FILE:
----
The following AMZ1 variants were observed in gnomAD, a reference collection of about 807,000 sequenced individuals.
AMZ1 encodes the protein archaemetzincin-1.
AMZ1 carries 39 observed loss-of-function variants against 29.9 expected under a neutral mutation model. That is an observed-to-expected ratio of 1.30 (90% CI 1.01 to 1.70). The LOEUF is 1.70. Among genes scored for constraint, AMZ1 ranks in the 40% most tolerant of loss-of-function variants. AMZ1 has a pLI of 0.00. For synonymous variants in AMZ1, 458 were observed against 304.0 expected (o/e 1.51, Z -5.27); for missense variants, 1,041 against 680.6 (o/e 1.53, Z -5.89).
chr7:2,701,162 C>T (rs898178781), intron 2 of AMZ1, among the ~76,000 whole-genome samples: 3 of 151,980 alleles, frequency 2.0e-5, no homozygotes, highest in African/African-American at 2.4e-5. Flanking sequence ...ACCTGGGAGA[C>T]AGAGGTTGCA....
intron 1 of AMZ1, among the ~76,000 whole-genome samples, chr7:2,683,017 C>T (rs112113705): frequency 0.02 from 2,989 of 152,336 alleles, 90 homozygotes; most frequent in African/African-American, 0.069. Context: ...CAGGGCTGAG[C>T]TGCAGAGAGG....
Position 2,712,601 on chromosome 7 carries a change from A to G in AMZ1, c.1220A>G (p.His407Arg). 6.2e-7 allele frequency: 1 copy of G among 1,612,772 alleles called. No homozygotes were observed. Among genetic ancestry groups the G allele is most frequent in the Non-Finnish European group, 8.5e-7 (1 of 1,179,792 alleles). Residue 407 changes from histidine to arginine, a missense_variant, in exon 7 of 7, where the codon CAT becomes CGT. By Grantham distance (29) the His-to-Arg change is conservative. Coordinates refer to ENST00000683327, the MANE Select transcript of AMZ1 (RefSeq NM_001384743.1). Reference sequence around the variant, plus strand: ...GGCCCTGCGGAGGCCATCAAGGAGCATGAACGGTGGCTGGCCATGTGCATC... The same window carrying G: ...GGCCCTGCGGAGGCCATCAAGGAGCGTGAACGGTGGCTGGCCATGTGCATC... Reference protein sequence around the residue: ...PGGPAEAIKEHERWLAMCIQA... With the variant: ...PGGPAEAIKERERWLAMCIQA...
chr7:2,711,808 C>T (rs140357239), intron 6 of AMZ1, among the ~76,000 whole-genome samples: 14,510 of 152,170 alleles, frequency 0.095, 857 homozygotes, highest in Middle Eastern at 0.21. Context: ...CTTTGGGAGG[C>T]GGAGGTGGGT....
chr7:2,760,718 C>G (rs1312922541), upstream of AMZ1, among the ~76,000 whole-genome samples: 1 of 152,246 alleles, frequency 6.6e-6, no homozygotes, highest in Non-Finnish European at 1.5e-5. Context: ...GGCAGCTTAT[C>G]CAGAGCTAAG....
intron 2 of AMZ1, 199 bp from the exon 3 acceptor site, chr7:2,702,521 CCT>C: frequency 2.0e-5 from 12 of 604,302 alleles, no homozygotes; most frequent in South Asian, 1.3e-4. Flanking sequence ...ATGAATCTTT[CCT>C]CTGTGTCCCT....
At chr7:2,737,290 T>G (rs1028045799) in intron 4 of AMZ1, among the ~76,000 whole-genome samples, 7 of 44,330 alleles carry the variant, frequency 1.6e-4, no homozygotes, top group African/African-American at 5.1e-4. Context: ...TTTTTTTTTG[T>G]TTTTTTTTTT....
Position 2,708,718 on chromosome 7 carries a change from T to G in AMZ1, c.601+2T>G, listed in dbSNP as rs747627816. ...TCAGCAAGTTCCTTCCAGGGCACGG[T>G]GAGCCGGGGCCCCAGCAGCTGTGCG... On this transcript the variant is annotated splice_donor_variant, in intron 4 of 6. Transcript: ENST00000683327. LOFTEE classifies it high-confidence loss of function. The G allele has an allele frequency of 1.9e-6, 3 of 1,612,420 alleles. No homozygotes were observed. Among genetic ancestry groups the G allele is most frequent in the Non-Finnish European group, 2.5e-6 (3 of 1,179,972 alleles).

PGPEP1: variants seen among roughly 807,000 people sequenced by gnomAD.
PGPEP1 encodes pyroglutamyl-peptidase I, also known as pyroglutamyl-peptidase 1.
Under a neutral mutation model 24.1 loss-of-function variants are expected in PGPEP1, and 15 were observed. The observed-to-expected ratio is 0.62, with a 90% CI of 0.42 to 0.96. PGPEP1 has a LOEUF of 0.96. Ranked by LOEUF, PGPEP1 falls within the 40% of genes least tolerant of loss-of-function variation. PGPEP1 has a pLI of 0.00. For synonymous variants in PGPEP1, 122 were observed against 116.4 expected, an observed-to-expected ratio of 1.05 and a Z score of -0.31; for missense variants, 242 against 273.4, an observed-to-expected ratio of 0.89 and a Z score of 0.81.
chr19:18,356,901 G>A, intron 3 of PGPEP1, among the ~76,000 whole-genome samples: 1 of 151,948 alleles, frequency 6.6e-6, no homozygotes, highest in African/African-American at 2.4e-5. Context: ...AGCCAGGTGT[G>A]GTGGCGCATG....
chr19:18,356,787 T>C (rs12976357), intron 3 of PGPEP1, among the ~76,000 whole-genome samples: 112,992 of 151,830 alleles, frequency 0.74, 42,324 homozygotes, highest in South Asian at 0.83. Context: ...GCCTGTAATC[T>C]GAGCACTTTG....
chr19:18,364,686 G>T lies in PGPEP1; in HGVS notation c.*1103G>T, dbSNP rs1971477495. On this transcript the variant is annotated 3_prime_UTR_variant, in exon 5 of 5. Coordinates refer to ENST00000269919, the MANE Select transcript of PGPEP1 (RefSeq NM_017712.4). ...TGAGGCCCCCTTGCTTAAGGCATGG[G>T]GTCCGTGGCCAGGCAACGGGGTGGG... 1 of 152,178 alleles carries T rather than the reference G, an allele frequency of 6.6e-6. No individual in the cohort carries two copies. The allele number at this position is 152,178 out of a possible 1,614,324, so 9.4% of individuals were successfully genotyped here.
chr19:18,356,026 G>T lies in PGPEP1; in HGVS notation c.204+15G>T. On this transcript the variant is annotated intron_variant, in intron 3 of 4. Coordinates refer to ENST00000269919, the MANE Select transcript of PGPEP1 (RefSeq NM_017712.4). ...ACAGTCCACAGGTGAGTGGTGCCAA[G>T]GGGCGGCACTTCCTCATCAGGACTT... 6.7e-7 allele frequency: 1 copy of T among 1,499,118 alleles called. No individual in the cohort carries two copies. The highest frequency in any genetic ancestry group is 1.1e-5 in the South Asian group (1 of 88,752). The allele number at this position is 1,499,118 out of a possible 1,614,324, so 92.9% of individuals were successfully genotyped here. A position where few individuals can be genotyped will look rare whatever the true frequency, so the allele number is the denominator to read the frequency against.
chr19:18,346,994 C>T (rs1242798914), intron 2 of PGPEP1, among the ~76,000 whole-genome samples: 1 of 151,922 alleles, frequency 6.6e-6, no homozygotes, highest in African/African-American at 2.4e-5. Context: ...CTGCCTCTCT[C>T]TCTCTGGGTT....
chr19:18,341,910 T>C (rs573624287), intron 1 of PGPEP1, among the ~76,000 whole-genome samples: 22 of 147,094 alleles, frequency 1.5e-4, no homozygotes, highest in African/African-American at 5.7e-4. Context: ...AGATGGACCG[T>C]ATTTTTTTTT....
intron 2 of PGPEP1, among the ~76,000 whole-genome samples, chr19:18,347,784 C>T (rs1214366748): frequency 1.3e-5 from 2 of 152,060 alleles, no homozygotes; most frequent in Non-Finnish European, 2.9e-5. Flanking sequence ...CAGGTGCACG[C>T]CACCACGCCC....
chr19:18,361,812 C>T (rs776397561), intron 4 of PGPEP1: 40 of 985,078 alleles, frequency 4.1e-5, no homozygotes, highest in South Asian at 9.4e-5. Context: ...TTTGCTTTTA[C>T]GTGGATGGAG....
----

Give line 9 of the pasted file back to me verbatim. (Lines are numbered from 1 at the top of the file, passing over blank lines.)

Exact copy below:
intron 2 of AMZ1, 199 bp from the exon 3 acceptor site, chr7:2,702,521 CCT>C: frequency 2.0e-5 from 12 of 604,302 alleles, no homozygotes; most frequent in South Asian, 1.3e-4. Flanking sequence ...ATGAATCTTT[CCT>C]CTGTGTCCCT....